3.8. Managing Users and Passwords
The NetInfo equivalent of the passwd file resides under the /users portion of the NetInfo directory. Mac OS X uses /etc/master.passwd for storing encrypted passwords. That master.passwd file is called the shadow password file because it shadows the other, nonsensitive information contained in the /etc/passwd file. Only the root user can read the shadow password file. Nonprivileged users can use the regular passwd file to discover other information, such as a user's full name or home directory.
The /etc/passwd and /etc/master.passwd files are consulted only while the system is in single-user mode, or if the system has been reconfigured to use BSD Configuration Files (see Section 3.3, earlier in this chapter). To add a normal user to your system, you should use System Preferences Accounts. However, if you want to bulk-load NetInfo with many users or create a user while logged in over ssh, you can use nicl or niload.
You can list all users with the nireport utility. Supply the NetInfo domain (., the local domain), the directory (/users), and the properties you want to inspect (uid, name, home, realname, and shell):
% nireport . /users uid name home realname shell -2 nobody /dev/null Unprivileged User /dev/null 0 root /var/root System Administrator /bin/tcsh 1 daemon /var/root System Services /dev/null 99 unknown /dev/null Unknown User /dev/null 70 www /Library/WebServer World Wide Web Server /dev/null
3.8.1. Creating a User with niload
The niload utility understands the flat file format used by /etc/passwd (name:password:uid:gid:class:change:expire:gecos:home_dir:shell). See the passwd(5) manpage for a description of each field. To add a new user, create a file that adheres to that format and load it with niload. You can use a here document rather than a separate file. This example creates a user for Ernest Rothman with a UID of 701 and membership in the staff (GID 20) group:
# niload passwd . <<EOF ? rothman:*:701:20::0:0:Ernest Rothman:/Users/rothman:/bin/tcsh ? EOF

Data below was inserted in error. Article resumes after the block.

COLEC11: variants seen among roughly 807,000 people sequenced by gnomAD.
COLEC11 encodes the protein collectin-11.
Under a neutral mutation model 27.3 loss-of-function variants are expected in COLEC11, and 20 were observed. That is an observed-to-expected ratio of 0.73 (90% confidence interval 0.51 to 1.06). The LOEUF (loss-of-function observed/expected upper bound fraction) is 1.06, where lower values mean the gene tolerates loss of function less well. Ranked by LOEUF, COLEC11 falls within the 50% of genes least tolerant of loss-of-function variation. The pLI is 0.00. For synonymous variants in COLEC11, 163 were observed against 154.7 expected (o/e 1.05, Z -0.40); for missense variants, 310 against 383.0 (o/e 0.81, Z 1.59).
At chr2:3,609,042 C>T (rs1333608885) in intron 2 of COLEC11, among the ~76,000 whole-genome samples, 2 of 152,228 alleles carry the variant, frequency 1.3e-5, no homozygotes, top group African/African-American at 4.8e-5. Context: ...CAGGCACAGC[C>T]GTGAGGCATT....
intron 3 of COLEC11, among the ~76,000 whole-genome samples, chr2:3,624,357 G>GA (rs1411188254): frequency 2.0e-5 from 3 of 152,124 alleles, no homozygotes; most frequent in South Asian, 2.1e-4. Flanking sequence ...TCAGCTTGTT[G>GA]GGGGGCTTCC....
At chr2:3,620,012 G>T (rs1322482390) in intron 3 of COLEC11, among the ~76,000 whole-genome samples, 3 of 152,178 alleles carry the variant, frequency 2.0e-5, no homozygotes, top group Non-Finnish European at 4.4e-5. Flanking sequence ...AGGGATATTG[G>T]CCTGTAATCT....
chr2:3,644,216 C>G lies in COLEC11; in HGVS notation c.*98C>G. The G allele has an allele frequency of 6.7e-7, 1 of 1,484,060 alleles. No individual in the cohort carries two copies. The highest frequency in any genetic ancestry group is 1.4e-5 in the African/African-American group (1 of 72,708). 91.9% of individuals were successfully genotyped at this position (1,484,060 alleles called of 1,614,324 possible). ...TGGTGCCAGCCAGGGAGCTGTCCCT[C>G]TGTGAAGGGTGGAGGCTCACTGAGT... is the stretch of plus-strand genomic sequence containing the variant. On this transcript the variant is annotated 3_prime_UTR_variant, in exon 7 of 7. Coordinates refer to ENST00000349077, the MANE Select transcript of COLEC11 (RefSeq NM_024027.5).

As you can see from this example, we set the password field to *, which disables logins for that account. To set the password, we'll use the passwd command to set it:
# passwd rothman Changing password for rothman. New password: ******** Retype new password: ********
If you niload a user that already exists, that user will not be overwritten or changed in any way. You should delete the user with nicl first (see Section 3.7.5, earlier in this chapter). Before the user can log in, you must create his home directory (see Section 3.8.3, later in this chapter).
3.8.2. Creating a User with nicl
To create a user with nicl, you'll need to create a directory under /users, and set the uid, gid, shell, realname, and home properties. The following code creates the same user shown in the previous section, Section 3.8.1.
# nicl / -create /users/rothman uid 701 # nicl / -create /users/rothman gid 20 # nicl / -create /users/rothman shell /bin/tcsh # nicl / -create /users/rothman home /Users/rothman # nicl / -create /users/rothman realname "Ernest Rothman" # nicl / -create /users/rothman passwd \*
After you create the user, you should set the password as shown in the previous section.
3.8.3. Creating a User's Home Directory
One thing that NetInfo can't do for you is create the user's home directory. Mac OS X keeps a skeleton directory under the /System/Library/User Template directory. If you look in this directory, you'll see localized versions of a user's home directory. To copy the localized English version of the home directory, use the ditto command:
# ditto /System/Library/User\ Template/English.lproj /Users/rothman
Then, use chown to recursively set the ownership of the home directory and all its contents (make sure you set the group to a group of which the user is a member):
# chown -R rothman:staff /Users/rothman
This change makes the new user the owner of his home directory and all its contents.
3.8.4. Modifying a User
# nicl / -delete /users/rothman shell # nicl / -create /users/rothman shell /bin/bash
TIP: You can also modify most user settings with System Preferences Accounts.
3.8.5. Listing Users with nidump
% nidump passwd . | grep rothman rothman:nIhowm2p0BGsE:701:20::0:0:Ernest Rothman:/Users/rothman:/bin/tcsh
3.8.6. Deleting a User
# nicl / -delete /users/rothman
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